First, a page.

From Endurance to Dressage
I'll admit that I am a little bit superstitious. Back when I was endurance racing, there was one, and only one, t-shirt that could serve as my pajama top. I am also careful about what I wish for. Jinxing yourself is a thing. I sort of feel like tempting fate, or the Universe, is pretty stupid, but black cats, broken mirrors, and Friday the 13th have never spooked me.
With horses though, it's best to honor all of the weirdo gods, the real one, too, and offering sacrifices whenever possible can't hurt either. You know, like not stepping on cracks, always take time to pet a dog whose tail is wagging, and don't hesitate to go back to double check that gate one more time.
I must have missed a sacrificial moment or forgotten to give homage to one of the gods of something - probably the weather god; he's always annoyed with me, because the stars did not align for me this weekend.
Early in the week, my friend Jen, who organizes tons of shows and clinics, texted and asked if I wanted to come and do an Erika Jansson Cavaletti Clinic on Saturday. I tried to do one earlier in the year but something came up. I hesitated for a few minutes - was I comfortable jumping into something again without a plan?, and then I threw caution to the wind. "Sure," I told her. "Sign me up." Izzy needs all the show miles he can get.
While we were at the schooling show the weekend before, I noticed that one of my trailer's tires looked a bit low. I made a mental note to ask my husband to bring out the air compressor and fill it up. Of course I forgot to do that, so on Friday afternoon, as I was loading my tack, I noticed the tire again and realized that it was more than low. I popped on my tire gauge. Instead of 40 pounds of pressure, like the rest of the tires had, the gauge read 10.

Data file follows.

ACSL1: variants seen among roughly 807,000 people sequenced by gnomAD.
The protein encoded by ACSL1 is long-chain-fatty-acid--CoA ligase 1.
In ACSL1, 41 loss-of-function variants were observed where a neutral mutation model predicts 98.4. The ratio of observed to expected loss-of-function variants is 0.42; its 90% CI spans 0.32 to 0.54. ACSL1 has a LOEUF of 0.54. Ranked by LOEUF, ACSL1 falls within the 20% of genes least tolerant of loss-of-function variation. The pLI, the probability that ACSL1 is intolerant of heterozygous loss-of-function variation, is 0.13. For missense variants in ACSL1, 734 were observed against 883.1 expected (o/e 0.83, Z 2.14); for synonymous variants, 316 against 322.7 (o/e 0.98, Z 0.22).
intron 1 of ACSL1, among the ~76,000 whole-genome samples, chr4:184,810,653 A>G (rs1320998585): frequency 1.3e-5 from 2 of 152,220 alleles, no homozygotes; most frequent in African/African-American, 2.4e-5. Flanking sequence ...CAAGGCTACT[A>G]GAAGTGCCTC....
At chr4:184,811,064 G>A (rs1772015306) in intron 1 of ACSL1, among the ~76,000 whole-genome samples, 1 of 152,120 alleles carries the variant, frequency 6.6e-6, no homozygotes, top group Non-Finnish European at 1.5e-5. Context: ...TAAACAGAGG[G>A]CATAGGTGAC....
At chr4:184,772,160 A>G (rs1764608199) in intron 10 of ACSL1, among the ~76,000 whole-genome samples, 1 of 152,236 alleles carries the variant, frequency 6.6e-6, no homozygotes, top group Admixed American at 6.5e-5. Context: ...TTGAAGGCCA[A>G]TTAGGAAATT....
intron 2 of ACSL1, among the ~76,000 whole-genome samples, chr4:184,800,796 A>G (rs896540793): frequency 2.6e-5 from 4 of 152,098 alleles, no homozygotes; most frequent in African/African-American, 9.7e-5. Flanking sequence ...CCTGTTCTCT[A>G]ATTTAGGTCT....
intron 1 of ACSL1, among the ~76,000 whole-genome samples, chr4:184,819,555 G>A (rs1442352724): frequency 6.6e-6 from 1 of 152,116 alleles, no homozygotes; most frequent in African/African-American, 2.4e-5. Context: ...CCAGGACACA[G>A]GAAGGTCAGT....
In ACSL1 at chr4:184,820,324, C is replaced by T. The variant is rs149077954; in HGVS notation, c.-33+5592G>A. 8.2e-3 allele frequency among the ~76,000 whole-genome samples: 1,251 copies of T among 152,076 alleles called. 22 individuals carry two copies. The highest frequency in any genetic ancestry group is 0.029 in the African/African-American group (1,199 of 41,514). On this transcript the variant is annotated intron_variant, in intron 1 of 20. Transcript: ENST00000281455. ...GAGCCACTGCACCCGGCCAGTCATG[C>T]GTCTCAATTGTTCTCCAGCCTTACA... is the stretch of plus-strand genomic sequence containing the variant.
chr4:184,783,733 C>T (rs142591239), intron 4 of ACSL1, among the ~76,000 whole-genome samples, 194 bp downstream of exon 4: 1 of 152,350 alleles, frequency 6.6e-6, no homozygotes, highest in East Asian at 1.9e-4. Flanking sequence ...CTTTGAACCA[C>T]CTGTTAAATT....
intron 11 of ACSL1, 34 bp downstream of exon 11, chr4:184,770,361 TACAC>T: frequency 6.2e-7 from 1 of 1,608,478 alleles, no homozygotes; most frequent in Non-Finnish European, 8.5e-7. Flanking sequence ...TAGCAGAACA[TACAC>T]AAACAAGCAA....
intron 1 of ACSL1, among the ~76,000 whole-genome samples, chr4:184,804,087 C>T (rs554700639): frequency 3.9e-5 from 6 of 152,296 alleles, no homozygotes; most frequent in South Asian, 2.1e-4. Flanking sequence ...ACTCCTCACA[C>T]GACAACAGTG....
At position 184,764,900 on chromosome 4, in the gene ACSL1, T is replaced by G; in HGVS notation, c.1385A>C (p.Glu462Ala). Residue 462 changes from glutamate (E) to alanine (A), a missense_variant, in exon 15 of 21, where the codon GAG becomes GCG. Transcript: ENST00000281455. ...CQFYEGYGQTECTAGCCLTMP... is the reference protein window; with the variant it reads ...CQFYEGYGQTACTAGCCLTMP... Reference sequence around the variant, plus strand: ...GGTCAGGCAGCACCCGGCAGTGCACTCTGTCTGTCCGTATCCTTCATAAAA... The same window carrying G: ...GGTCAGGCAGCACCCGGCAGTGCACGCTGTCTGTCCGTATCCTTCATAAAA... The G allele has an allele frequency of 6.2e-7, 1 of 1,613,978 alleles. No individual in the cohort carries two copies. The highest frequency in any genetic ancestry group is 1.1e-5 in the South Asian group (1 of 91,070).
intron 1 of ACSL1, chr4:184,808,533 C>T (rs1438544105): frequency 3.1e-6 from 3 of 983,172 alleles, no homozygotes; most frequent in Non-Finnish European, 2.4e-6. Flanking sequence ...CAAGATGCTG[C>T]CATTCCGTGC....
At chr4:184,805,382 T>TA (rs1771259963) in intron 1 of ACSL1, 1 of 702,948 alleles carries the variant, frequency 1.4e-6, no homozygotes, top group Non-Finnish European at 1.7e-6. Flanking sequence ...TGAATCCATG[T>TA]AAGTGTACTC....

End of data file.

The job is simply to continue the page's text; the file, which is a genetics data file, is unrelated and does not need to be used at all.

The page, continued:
Reggie, the ranch's fixer of all the things, brought out his air compressor and filled the tire back up. Even though we couldn't hear or see a leak, I just couldn't drive 6 hours round trip with a questionable tire. I gave my favorite tire place a call, Les Schwab over on Buck Owens Boulevard, and asked if they could work on a tire that was still on the trailer.
Not only could they, but they have a large, covered bay for just that purpose. I was told which entrance to use and easily found the enormous covered parking for servicing large rucks. The manager, Justin, came out to greet me with a jack in tow. In less than 15 minutes, he pulled the tire, found the nail, patched it, and had it back on my trailer.
When he said I was good to go, I reminded him that I still needed to pay for the repair. He quickly shook his head and explained that they never charge to fix a flat tire even if I hadn't bought the tire there. Wow. That's amazing customer service. On a personal note, fixing a horse-related problem at no charge earns you my business for the rest of my life. Got a tire or brake problem? Check out Les Schwab on Buck Owens Boulevard; they'll treat you right. I headed back to the ranch feeling much better about Saturday's long drive.
But it was Friday the 13th, and like I said, I must have forgotten to sacrifice something because when I rolled into the barn at 6:00 a.m. on Saturday morning ready to roll, Izzy was missing a shoe and his leg was hot and swollen. Turd. He's fine, but I didn't get to do the cavaletti clinic after all.
Horses. What are you going to do?
About the Writer and Rider
I am a lifelong rider.
I began endurance riding in 1996 where I ultimately completed five, one-day 100 mile races, the 200-mile Death Valley Encounter, and numerous other 50, 65, and 75 mile races. I began showing dressage in 2010.
Welcome to my dressage journey.
About Speedy G
Speedy went from endurance horse to dressage horse. After helping me earn a USDF Bronze medal in the summer of 2020, he is now semi-retired. Speedy is a 2004, 15'1 hand, purebred Arabian gelding. His Arabian Horse Registry name is G Ima Starr FA.
Izzy was started as a four-year old and then spent the next 18 months in pasture growing up. I bought him as a six-year old, and together, we are showing at the lower levels. He is a 2008, 16'3 hand warmblood gelding. His Rheinland Pfalz-saar International (RPSI) name is Imperioso.
National Rider Awards
State Rider Awards
State Horse Awards
CDS Sapphire Rider Award
Third Level: 63.514%
Third Level: 62.105%
2023 Show Season
(r) Ride-a-Test Clinic
2023 Show Schedule
2023 Completed …
2023 Qualifying Scores
Regional Adult Amateur Competition (RAAC)
Qualifying Training Level
3 Scores/2 Judges/60%: